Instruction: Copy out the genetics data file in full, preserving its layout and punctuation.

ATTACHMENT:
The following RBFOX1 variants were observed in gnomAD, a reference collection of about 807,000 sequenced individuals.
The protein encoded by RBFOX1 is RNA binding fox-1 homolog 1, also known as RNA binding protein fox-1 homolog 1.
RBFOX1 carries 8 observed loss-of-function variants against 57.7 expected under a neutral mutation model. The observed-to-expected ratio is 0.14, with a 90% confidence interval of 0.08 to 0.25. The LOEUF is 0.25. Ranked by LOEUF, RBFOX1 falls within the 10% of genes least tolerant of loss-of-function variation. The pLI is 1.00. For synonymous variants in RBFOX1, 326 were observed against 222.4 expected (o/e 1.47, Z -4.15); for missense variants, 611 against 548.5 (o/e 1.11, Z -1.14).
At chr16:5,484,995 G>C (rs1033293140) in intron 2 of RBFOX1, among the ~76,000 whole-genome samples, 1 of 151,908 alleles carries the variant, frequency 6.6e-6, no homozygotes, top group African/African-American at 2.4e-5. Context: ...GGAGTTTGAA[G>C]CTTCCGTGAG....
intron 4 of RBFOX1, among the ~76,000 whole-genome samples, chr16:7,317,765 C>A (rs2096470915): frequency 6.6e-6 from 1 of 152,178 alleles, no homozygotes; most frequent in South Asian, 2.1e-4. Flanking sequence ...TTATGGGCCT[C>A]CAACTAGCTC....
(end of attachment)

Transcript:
The following RBFOX1 variants were observed in gnomAD, a reference collection of about 807,000 sequenced individuals.
The protein encoded by RBFOX1 is RNA binding fox-1 homolog 1, also known as RNA binding protein fox-1 homolog 1.
RBFOX1 carries 8 observed loss-of-function variants against 57.7 expected under a neutral mutation model. The observed-to-expected ratio is 0.14, with a 90% confidence interval of 0.08 to 0.25. The LOEUF is 0.25. Ranked by LOEUF, RBFOX1 falls within the 10% of genes least tolerant of loss-of-function variation. The pLI is 1.00. For synonymous variants in RBFOX1, 326 were observed against 222.4 expected (o/e 1.47, Z -4.15); for missense variants, 611 against 548.5 (o/e 1.11, Z -1.14).
At chr16:5,484,995 G>C (rs1033293140) in intron 2 of RBFOX1, among the ~76,000 whole-genome samples, 1 of 151,908 alleles carries the variant, frequency 6.6e-6, no homozygotes, top group African/African-American at 2.4e-5. Context: ...GGAGTTTGAA[G>C]CTTCCGTGAG....
intron 4 of RBFOX1, among the ~76,000 whole-genome samples, chr16:7,317,765 C>A (rs2096470915): frequency 6.6e-6 from 1 of 152,178 alleles, no homozygotes; most frequent in South Asian, 2.1e-4. Flanking sequence ...TTATGGGCCT[C>A]CAACTAGCTC....